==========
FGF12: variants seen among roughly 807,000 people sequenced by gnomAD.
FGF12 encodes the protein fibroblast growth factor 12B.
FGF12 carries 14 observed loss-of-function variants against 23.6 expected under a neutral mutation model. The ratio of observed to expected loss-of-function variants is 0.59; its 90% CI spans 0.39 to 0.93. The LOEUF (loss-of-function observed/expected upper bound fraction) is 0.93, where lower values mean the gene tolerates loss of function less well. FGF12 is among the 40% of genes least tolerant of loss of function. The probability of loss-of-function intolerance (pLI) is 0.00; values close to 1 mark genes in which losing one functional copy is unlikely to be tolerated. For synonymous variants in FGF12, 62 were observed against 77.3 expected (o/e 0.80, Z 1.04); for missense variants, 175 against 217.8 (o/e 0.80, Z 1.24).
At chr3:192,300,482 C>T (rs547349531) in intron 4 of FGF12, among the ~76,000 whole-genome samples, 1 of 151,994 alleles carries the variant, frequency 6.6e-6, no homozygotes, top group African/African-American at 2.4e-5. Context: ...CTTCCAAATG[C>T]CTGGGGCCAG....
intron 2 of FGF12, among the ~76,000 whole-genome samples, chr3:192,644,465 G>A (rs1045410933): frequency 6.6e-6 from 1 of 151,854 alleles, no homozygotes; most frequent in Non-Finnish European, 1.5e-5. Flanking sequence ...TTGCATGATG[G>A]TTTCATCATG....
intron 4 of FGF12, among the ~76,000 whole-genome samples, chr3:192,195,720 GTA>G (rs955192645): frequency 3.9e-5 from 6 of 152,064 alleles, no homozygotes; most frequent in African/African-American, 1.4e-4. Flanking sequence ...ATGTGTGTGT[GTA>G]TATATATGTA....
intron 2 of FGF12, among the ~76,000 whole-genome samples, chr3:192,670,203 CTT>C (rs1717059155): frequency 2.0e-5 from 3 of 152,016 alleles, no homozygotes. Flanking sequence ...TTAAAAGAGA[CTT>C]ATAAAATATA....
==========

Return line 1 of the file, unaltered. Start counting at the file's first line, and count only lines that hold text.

FGF12: variants seen among roughly 807,000 people sequenced by gnomAD.